Accessibility and Relevance of Extension Methods and Information and Communication Technologies among Farmers in Mauritius (Published)
The study aims to address the accessibility and relevance of different extension methods and information and communications technology (ICT) tools among farmers in Mauritius. A quota sample of 100 farmers was interviewed across the four extension zones of the island. The most efficient extension methods of farmers were firstly visits by extension officers (25.2%), followed by phone calls (19.8%) and video films (13.1%). The respondents claimed that training, short message service (sms), exhibitions and mass media were useful in providing beneficial information to them. Mobile phones were the main ICT device used by farmers (65%) to retrieve agricultural information. The access of smartphone (p= 0.009) and computer (p=0.001) was significantly associated with income rate. ICT needs to be integrated to agriculture to improve the livelihood of farmers. Extension methods such as visits, training and exhibitions should be intensified to allow accessibility to useful information. These extension methods should be reinforced to enhance agricultural productivity.
COMPARATIVE ANALYSIS OF RICE PRODUCTIVITY OF FARMERS ON DIFFERENT LAND TENURE SYSTEMS IN IMO STATE (Published)
This study compared and analysed the rice productivity of farmers on different land tenure systems in Ihitte/Uboma Local Government Area. A multistage sampling technique was used to select 50 rice farmers for the study. Data were collected with a well structured questionnaire and were analysed using descriptive statistics, ordinary least squares multiple regression techniques, net farm income model, total factor productivity and the Z- test statistics. The result showed that 48% of the respondents practised the individual land tenure system. Their major method of land acquisition is through communal followed by inheritance. The average land size cultivated on was 1.98ha.The multiple regression analysis showed that factors such as sex, farming experience, method of land acquisition, annual off farm income and lease price of rice farmers influenced their landholding size. The net returns per hectare of rice farmers on communal and individual land tenure system were N8, 721.25 and N17, 327.91 respectively. The mean of the total factor productivity computed for communal and individual land tenure systems were 1.89 and 3.06 respectively. This implies that there was statistically significant difference between the productivities of rice farmers on the different land tenure systems in the study area. It is therefore concluded that with increased capital, improved varieties/technology and skilled labour, the level of profit would increase.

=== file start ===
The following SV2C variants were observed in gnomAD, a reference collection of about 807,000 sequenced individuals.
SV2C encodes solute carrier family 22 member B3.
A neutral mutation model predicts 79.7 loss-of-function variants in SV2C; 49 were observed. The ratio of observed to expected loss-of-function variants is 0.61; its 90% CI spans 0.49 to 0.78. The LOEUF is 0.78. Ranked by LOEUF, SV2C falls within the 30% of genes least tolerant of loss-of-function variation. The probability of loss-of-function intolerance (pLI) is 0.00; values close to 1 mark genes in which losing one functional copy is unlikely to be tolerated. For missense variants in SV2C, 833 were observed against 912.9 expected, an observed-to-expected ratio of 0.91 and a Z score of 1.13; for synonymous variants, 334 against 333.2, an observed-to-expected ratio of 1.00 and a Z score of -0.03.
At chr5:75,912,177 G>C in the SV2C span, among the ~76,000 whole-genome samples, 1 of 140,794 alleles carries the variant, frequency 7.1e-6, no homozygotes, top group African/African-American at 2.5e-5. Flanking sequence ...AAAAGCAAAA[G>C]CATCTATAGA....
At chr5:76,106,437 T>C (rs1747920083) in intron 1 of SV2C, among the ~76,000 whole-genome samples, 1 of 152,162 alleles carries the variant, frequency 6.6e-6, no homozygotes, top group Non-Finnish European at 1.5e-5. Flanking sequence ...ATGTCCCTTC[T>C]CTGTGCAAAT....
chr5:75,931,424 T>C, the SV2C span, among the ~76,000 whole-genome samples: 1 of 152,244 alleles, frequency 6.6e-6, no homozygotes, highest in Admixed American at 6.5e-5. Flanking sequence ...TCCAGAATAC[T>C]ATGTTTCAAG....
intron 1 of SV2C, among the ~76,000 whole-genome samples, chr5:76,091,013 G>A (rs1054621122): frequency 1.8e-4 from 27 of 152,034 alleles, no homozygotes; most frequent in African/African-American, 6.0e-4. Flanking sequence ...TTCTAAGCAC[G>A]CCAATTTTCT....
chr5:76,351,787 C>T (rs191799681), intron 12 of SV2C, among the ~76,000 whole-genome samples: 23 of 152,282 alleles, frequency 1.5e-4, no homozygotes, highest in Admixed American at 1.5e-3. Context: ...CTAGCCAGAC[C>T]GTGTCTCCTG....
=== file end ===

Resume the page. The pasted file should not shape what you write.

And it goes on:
ENTREPRENEURIAL AGRICULTURE FOR HUMAN DEVELOPMENT. A CASE STUDY OF DOTITO IRRIGATION SCHEME, MT DARWIN (Review Completed - Accepted)
Agriculture is viewed as the main economic activity which contributes to the overall creation of wealth in the country. This then calls for both small scale and large scale farmers to practice entrepreneurial agriculture. However, this study examined the relationship between entrepreneurial agriculture and human development in the context of public policy. Human development has emerged as the main indicator of the country’s ability to promote human rights. Therefore, the study documented the relationships that exist between entrepreneurial agriculture and human development .Qualitative methodology was employed in the collection and analysis of data. The study was enforced by Hitt et al’s (2003) strategic entrepreneurship model